The Sheik's Kidnapped Bride(Desert Rogues, Book 1)(23) by Susan Mallery
She remembered bits of the wedding, and she remembered afterward, when she and Khalil had sat together talking. She certainly remembered the champagne. She pressed two fingers to her temple. Even now her head pounded in a not-so-gentle reminder that too much liquor on an empty stomach did not leave her feeling her best.
At some point she must have fallen asleep—she didn’t dare even think the phrase “passed out”—and Khalil had put her to bed. It’s not as if she wanted her husband to make love with her while she wasn’t conscious, so she shouldn’t be upset that she woke up alone. Technically nothing was wrong. Even so she couldn’t shake the feeling that something wasn’t exactly right, either. After all, she’d spent her wedding night alone.
Babette, the owner of the fashion salon, fingered the delicate silk of the column dress. “The fabric is quite extraordinary,” she said. “And the color would be fabulous on madam.”
Oh, right, Dora thought glumly. And wouldn’t madam look amazing with her hips pulling at the seams and completely destroying the line of the dress. But she didn’t say that. She didn’t say anything. The exclusive establishment left her feeling out of place and more than a little inadequate. All the saleswomen looked like former models. Babette was petite and incredibly well-dressed. Despite wearing her new favorite blue dress, Dora felt frumpy and fat by comparison.
Babette regarded her thoughtfully. “However, I’m not sure the style is going to flatter madam.”
What insight, Dora thought sarcastically. Give that lady a prize. Then she sighed and reminded herself that her defensive attitude came more from fear than because she felt slighted. She didn’t belong here. She didn’t belong back in Los Angeles, either. She was homeless and confused and to make matters even more stressful, she’d just married a prince.
Khalil had stationed himself at the rear of the viewing room, close to the entrance of the salon. As soon as Dora had been settled, he’d started making calls on his cellular phone. Now he dropped his phone into his jacket pocket and crossed to stand beside her. His gaze raked over the model who had paused to turn in front of him. Her pouty mouth curved up in what was an invitation to look…and maybe more. Dora wanted to slap the teenager and tell her to go back to high school. Instead she told herself that the shopping trip wasn’t going to last forever.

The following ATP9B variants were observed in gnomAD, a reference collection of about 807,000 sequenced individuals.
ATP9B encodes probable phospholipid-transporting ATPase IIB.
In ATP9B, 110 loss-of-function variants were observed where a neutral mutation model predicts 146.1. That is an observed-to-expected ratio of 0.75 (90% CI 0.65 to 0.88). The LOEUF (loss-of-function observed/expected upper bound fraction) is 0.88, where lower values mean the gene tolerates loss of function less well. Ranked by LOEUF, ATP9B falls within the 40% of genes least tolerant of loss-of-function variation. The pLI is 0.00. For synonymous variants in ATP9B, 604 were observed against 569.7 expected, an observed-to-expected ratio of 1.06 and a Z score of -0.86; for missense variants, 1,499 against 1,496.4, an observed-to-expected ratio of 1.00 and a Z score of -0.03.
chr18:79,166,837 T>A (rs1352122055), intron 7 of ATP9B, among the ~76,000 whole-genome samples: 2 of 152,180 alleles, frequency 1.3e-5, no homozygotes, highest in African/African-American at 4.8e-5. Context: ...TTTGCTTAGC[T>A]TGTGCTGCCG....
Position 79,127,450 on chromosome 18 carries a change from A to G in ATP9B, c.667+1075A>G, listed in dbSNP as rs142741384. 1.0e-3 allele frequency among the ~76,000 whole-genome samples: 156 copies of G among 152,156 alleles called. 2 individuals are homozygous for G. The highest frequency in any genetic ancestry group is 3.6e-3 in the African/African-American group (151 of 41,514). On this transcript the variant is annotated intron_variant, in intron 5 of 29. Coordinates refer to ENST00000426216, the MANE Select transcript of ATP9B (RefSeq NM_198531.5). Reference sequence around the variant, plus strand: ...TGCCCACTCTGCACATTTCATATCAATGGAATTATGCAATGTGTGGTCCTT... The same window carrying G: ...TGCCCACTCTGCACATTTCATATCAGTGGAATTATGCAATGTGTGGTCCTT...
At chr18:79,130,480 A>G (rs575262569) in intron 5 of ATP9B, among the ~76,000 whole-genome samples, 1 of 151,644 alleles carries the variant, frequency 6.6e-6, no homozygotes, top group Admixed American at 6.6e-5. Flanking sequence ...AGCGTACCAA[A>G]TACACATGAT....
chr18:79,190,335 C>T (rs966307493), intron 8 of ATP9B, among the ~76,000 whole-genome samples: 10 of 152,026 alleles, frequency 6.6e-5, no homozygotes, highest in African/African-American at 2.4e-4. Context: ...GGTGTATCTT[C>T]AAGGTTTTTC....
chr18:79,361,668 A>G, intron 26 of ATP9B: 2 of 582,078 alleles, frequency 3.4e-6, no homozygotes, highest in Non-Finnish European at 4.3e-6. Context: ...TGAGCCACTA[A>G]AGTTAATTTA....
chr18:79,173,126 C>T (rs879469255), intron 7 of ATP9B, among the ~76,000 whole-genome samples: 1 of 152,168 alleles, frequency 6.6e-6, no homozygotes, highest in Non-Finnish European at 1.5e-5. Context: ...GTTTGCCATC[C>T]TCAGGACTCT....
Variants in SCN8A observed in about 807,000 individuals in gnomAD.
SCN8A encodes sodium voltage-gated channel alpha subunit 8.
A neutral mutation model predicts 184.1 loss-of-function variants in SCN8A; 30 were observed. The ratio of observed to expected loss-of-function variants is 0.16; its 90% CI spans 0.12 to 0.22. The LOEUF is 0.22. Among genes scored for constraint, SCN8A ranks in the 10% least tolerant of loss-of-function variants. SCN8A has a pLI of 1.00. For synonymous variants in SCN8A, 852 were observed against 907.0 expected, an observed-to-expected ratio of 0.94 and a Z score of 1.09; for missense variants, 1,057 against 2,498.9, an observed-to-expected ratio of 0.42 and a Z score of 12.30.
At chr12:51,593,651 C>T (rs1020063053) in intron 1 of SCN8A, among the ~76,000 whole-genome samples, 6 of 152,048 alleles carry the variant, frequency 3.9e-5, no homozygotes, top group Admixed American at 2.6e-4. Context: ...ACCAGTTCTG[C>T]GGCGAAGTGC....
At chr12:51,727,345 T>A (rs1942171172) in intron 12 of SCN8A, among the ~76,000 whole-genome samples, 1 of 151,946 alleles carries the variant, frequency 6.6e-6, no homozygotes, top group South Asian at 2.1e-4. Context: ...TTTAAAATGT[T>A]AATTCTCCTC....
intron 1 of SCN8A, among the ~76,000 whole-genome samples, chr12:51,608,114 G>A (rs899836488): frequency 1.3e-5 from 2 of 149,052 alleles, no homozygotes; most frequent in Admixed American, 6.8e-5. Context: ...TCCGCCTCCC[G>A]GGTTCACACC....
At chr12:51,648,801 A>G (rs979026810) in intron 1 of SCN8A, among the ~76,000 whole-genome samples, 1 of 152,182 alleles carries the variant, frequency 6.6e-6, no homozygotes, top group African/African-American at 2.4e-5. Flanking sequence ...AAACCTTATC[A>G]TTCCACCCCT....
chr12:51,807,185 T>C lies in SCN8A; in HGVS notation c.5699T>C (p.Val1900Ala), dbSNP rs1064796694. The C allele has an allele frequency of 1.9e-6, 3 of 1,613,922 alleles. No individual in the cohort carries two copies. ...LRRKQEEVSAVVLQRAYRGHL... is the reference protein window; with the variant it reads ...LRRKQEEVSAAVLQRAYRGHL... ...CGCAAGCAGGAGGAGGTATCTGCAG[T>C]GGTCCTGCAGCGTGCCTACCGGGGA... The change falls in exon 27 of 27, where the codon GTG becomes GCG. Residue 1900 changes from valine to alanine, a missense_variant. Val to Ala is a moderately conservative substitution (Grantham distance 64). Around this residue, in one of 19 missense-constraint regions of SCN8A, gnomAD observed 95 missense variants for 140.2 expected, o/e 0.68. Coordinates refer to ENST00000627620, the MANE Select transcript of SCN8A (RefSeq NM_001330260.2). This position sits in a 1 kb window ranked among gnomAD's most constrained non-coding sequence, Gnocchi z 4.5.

Khalil turned to Babette. “The girl looks as if she hasn’t eaten in a month. Don’t you pay your models?”
Babette’s perfectly made-up face blanched. “Your Highness, I assure you—”
He cut her off with a glance. “My wife has a wonderful womanly shape. I not only desire her, I am fortunate to have her as the future mother of my sons. She is a princess, madam. You would do well to remember that.”
Babette managed to look both composed and stunned at the same time, while Dora was sure she only looked shocked. Khalil then bent down and pressed his mouth to her cheek. “I still have calls to make. Are you all right?” he asked quietly, his breath tickling her ear.
“I’m fine,” she managed to answer.
“Good. Let me know if they give you any trouble.”
With that he returned to the counter by the door and reached for his phone. Babette gave her an appraising glance. “He must love you very much, Your Highness. You are a fortunate woman.”
Dora didn’t have a response, so she just smiled. She was willing to admit to fortunate, but she was also confused. Did Khalil, as Babette suggested, love her? Dora wanted to believe that was so, but she wasn’t sure. Everything had happened so quickly.
She glanced up in time to see the redheaded model disappearing around a screen. Three more models appeared, each in a different type of clothing. One wore a short nightgown that barely skimmed her knees. The light green silk reflected the light, while side slits emphasized thighs, not hips. The second model sashayed along in a hunter-green velvet evening gown that was so beautiful, it made Dora’s mouth water. The shoulders were wide and padded, the neckline plunging, while the lightweight velvet skimmed over the lower half of the body. Dora thought she just might have a shot at wearing that dress and looking decent.
The final model had been attired for business, in a navy pin-striped coatdress with a wide collar. Behind the models, three more women appeared, each carrying several outfits.
“We will start with the basics,” Babette said, turning to her. “These are all in your size. Why don’t you see what you like, and then we can start with the fittings. Marie—” She pointed to a tall, young blonde. “We’ll need shoes.” Babette looked at Dora. “Your Highness, what size shoes? Oh, and may I offer you some coffee, or perhaps a light snack?”
Three hours later all Dora wanted to do was curl up in a ball and sleep for a week. She hadn’t realized that trying on clothes could be so exhausting. She stood in the center of a large dressing room with two fitters working on the dress she wore.
She’d lost track of how many outfits she’d already chosen. Babette had a master list, but for Dora it was all too confusing. There were the clothes themselves and the shoes. Babette had chosen hats for some of the dresses, as well as pins and scarves. There were wraps for evening gowns and a casual coat for her slacks. One clerk had brought out a tray of costume jewelry, but Babette had cast a meaningful glance at Dora’s impressive wedding band all the while murmuring that “Her Highness will not bother with artificial stones,” and the tray had been whisked away.
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